Born in Texas on July 14, 1876, 100 years and ten days after the United States, Nathan Bridgeforth became prisoner #2007 at Leavenworth on February 26, 1900. Seven weeks earlier, he pleaded guilty to forgery in the Northern District Court of Muskogee, Indian Territory. The details of the crime that sent him to Leavenworth have … Continue reading The Cowboy
The strongest weapon Ella McClendon had in her bag of tricks was her spotless reputation. As a storekeeper and assistant postmistress to her father, who was the postmaster in the town of Sturdivant, Missouri, no one suspected her of wrongdoing. In fact, it took years to uncover her criminal misdeeds. It started innocently enough. The … Continue reading The Postmistress
No one would blame you for taking a glance at the photos above and wondering: “When did Mark Twain get arrested?” The answer is never. The man in the photos was not Twain, but a gentleman who went by the name “H.J. Short.” The photos were taken when Short was booked into Leavenworth Federal Penitentiary … Continue reading Short, not Twain
Emma Johnson was sentenced to the penitentiary this week in the Shawnee county district court, and her pal, E. Johnson, who claimed to be her husband, was sentenced to the Hutchinson Reformatory, the charge against both being forgery of a large number of small checks in Topeka recently. The checks were passed at Topeka stores. … Continue reading Her Clever Game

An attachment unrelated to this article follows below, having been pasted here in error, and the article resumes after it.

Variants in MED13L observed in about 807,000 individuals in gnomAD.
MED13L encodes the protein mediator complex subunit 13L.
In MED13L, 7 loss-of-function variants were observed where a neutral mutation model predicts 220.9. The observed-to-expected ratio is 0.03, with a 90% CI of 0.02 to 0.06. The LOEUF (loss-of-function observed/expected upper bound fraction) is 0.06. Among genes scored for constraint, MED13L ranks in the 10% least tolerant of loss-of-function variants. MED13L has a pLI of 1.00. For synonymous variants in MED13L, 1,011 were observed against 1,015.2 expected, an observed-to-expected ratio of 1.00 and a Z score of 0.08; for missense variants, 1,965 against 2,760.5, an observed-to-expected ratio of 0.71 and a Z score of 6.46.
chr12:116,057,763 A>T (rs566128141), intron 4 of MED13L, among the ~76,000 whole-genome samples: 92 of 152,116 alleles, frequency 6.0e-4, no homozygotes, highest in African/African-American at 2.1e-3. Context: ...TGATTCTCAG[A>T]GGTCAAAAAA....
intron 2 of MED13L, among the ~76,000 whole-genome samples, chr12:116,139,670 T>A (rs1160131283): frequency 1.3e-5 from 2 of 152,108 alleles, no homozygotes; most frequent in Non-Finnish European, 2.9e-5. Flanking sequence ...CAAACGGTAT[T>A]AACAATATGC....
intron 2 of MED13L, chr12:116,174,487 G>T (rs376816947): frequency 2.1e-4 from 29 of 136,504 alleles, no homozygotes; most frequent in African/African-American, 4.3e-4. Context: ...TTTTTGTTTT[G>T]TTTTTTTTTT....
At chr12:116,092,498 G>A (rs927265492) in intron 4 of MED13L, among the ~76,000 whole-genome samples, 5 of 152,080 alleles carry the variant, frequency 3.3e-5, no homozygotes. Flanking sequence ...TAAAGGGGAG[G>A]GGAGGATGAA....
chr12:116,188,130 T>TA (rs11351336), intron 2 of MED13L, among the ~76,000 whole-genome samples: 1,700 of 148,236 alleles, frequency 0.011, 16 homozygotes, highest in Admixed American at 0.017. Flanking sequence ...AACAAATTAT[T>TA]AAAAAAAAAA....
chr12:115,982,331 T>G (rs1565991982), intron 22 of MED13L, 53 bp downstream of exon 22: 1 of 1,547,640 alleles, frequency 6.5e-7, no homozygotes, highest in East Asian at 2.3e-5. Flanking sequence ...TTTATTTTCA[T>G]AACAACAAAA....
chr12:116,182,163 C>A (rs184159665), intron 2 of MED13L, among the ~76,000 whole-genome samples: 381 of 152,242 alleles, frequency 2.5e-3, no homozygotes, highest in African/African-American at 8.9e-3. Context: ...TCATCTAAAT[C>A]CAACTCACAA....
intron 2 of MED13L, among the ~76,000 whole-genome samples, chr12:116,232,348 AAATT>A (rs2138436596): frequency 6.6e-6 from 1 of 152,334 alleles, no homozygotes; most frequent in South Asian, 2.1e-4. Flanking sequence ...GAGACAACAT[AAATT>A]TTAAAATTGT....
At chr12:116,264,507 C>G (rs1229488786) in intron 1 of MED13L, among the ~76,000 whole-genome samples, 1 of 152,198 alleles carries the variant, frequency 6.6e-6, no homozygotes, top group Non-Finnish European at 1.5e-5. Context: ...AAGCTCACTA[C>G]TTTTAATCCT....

At Paris on Wednesday M. Bordeaux, the examining magistrate, committed the defaulting bank clerk Gallay, the woman Merelli, and the man Lerendu for trial before the Assize Court. Gallay will be indicted for forgery and embezzlement and the woman Merelli for complicity in the two forgeries alleged to have been committed by Gallay, which enabled … Continue reading Living La Belle Vie
Harry Vining, alias Edward Brooks, 19 years old, of 1 Harvard ct., Brookline, was arrested last evening by Inspectors Pierce and McGarr last evening on the charge of uttering forged checks. He was held on a warrant issued by the lower court, but the police have also an indictment warrant containing two similar counts. It … Continue reading The Trouble with Harry
He was known as “Trenton Al”, “French Al” and “Albert St. Claire.” His real name was Francis Alphonse Voullaire. His crimes were mostly of the white-collar variety—embezzlement, bribery, forgery, passing worthless checks—Al didn’t like to get his hands dirty. Held as prisoner #209 by the Jersey City Police, his measurements and mugshots were taken on October 5, 1901.